Updated: Mar 1, 2020
Earlier in the year I was commissioned under the Per Cent for Art scheme to create a sculpture for a secondary school in Drogheda Co. Louth.
The brief was to create a piece to commemorate the transition of the school from its humble beginnings into the new extensive extension, the sculpture is based on the subject of the movement of time.
Our history traced through stone.
The permanence of stone means that much of what we know about our past has been discovered through examining the stone structures left behind by our ancestors, from structures and sites of worship to the dry stone walls that map out the history of the vernacular landscape of our countryside. In the Drogheda area alone, more than 5000 years of history can be read through the many stone structures that cover the landscape here, spanning from the Neolithic site of Newgrange to the Norman beginnings of the town itself. This Norman heritage is evident in the earliest monument in the town which is the motte-and-bailey castle, now known as Millmount Fort.
‘The Timekeeper’ sculpture pays tribute to this movement of time, recorded through stone.
From a distance the large vertical blocks of sandstone take on the appearance of a Neolithic structure. As you approach, the sundial element of the sculpture becomes apparent.
The large angled stone in the centre (gnomon) is angled parallel to the earth’s axis, paying tribute to the first gnomon style sundials invented in the late 1300’s. The bars of engineered limestone in the floor along with the relief carvings of cogs and wheels in the standing stones represent modern time.
The precision of the limestone markers highlights the slight fluctuation in the accuracy of the shadows cast by the Neolithic gnomon as the seasons change. This in turn highlights the contrast between the rudimentary time mapping of the neoliths with the sophisticated precision of modern engineered time.
The stone seating area in the courtyard between the old and new buildings is an extension of the sculpture, with the time capsule placed under the stone mosaic in the floor, a symbol of the school’s confidence in its future.
The stone for this project is sandstone and comes from Drimkeelan quarry in County Donegal. Drimkeelan quarry is one of the oldest working quarries in the country. The Abbey of Assaroe was built in 1180 using this stone, so it is known that quarrying started around this time. A carved sandstone lamp found in the mines of the quarry suggests mining could have already started in the middle ages, by Cistercian monks who had abbeys to build.
The quarry also supplied stone for famous buildings such as The National Museum of Ireland, Leinster house(The Dail) and Stormont in Northern Ireland .
The piece of white quartzite built into the base of the gnomon links back to the white quartzite facade of the nearby prehistoric site of Newgrange.
How Sundials Work.
Sundials indicate the time by casting a shadow or throwing light onto a surface known as a dial face or dial plate.
The time is indicated where a shadow falls on the dial face, which is usually inscribed with hour lines.
The entire object that casts a shadow or light onto the dial face is known as the sundial’s gnomon.
The gnomon is set parallel to the earth’s axis. This angle is horizontal at the equator and increases to vertical (90⁰) at the poles. The angle of the earth’s axis is dependent on your location and can be found by checking the latitude on your GPS coordinates. The latitude of Drogheda is 53.717856⁰.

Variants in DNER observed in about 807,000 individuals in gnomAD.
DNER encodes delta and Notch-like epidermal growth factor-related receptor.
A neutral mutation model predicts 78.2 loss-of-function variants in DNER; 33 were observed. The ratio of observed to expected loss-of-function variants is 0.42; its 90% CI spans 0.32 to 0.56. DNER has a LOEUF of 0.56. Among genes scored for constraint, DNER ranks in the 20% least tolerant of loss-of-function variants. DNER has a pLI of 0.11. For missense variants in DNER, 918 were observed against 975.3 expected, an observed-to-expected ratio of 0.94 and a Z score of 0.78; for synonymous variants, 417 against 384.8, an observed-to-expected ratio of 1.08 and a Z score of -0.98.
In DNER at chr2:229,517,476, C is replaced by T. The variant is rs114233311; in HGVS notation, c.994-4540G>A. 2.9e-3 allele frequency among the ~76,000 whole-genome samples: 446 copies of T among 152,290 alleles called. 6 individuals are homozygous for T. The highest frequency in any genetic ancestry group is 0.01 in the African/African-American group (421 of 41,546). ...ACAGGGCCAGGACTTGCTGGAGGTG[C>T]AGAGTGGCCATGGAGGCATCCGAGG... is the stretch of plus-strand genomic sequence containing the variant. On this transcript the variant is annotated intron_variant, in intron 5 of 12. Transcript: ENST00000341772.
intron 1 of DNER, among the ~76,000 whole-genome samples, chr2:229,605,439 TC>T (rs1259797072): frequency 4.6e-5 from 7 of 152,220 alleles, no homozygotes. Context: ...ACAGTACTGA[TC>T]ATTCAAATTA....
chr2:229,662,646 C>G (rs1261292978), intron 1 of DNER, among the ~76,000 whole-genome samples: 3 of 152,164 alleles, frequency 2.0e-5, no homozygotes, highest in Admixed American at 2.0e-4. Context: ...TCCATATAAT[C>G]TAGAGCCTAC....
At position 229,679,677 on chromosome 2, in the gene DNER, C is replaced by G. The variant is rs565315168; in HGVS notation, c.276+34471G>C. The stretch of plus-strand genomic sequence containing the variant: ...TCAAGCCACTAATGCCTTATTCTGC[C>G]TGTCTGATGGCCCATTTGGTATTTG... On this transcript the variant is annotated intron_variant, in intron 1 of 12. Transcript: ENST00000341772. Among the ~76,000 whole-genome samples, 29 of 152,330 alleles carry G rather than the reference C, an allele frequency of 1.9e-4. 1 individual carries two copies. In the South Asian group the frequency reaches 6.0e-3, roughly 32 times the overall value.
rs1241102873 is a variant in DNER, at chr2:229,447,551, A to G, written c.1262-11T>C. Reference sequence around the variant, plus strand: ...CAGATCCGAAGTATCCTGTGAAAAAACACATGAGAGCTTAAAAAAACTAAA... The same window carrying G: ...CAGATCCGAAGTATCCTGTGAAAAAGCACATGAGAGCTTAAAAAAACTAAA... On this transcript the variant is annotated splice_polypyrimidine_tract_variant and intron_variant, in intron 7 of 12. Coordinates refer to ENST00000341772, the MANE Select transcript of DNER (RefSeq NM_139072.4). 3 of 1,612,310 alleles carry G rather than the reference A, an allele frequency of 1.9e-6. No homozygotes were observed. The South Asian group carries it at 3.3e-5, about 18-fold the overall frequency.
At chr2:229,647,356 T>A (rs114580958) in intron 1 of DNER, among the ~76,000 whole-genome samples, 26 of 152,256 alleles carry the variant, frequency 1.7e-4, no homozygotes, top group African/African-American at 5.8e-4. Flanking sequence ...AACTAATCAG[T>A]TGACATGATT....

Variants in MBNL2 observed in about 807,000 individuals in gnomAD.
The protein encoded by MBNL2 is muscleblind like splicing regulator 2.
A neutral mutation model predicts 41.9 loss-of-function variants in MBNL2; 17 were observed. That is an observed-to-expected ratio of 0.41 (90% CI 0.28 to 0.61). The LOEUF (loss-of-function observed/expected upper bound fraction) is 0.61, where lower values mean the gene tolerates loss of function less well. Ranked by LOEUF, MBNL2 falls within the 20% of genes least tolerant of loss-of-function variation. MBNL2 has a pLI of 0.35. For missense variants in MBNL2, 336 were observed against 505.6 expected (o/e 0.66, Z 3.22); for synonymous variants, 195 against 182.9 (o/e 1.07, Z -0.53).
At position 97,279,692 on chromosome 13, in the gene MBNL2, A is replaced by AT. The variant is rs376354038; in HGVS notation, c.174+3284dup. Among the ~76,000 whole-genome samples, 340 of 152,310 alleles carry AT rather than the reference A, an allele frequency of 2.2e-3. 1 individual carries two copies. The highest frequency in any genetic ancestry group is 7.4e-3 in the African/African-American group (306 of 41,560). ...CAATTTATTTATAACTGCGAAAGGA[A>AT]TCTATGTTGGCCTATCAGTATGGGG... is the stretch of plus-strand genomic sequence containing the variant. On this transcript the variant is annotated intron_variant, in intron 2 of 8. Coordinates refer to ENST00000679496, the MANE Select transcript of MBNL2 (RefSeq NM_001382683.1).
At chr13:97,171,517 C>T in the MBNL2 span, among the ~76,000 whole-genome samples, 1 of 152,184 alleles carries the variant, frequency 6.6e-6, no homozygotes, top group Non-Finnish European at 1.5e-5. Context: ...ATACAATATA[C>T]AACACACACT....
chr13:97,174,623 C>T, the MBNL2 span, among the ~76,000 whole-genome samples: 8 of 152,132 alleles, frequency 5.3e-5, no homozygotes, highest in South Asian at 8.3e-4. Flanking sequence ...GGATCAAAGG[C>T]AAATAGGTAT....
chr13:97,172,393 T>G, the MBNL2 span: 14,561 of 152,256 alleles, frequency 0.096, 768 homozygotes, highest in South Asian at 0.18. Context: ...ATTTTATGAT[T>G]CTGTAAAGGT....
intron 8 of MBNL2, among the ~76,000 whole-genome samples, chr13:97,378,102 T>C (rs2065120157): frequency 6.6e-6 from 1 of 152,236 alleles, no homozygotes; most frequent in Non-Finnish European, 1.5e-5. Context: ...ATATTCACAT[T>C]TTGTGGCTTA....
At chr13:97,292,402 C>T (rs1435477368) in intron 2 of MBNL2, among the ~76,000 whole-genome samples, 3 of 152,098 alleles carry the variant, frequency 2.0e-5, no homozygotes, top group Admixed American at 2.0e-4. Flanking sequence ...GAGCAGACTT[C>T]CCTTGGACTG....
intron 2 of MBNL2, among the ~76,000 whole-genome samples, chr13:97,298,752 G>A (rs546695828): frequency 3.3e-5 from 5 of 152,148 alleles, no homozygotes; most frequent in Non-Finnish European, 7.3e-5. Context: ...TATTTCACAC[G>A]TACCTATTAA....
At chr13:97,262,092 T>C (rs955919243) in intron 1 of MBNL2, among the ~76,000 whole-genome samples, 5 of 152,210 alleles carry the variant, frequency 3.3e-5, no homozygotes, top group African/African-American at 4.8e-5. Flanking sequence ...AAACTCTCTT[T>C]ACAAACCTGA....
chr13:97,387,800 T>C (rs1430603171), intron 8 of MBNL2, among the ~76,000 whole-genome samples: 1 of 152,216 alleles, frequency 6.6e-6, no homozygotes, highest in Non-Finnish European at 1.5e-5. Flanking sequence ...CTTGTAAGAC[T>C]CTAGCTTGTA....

As well as being parallel to the earth’s axis, the gnomon also points to the pole (in this case the North Pole.) North, South, East and West are marked on the sculpture on the back of the standing stones and behind the seat stone.
The Sun is highest in the sky at midday and casts a short shadow. In the afternoon, when the Sun is lower in the sky, the shadow is longer.
The length of the shadow is also affected by the seasons. Winter shadows are longer than Summer shadows. This is because the Sun is lower in the sky in Winter.
The speed of the shadow depends on the length of the gnomon. This gnomon, being almost 2 metres tall, means that the tip of the shadow will move about a third of its height (60cm) in an hour – 1cm per minute. This movement is due to the Earth’s rotation.
Building the sculpture
Like may stonemason’s I usually work alone, however with large projects like this I am lucky to have a great group of friends from the DSWAI who I can call on.
The dry laid pitched stonework was a very slow process with about 60m2 to be laid in total. Fortunately I had Karl Kennedy and Mark Gregan with me for this stage of the build.
The majority of the stonework was laid in a radial orientation from the gnomon apart from one segment that connects the timekeeper’s seat to the gnomon.
Scottish master craftsman Nick Aitken also stopped by for a few days to pitch in while over visiting for one of our trips to work on The Gathering of Stones monument which a number of us are involved in.
As is often the case when building something unique, this project ended up taking longer than expected, so the pressure was on to get it completed on time. It was a little surreal at times to be building a giant clock when you’re under pressure to finish a job.
Thanks again to the great group of guys who helped me realise this project. It is great to see the praise it is getting, and the process of its construction will hopefully give some of the students in the school an appreciation for the craft and for the work involved in applying those skills.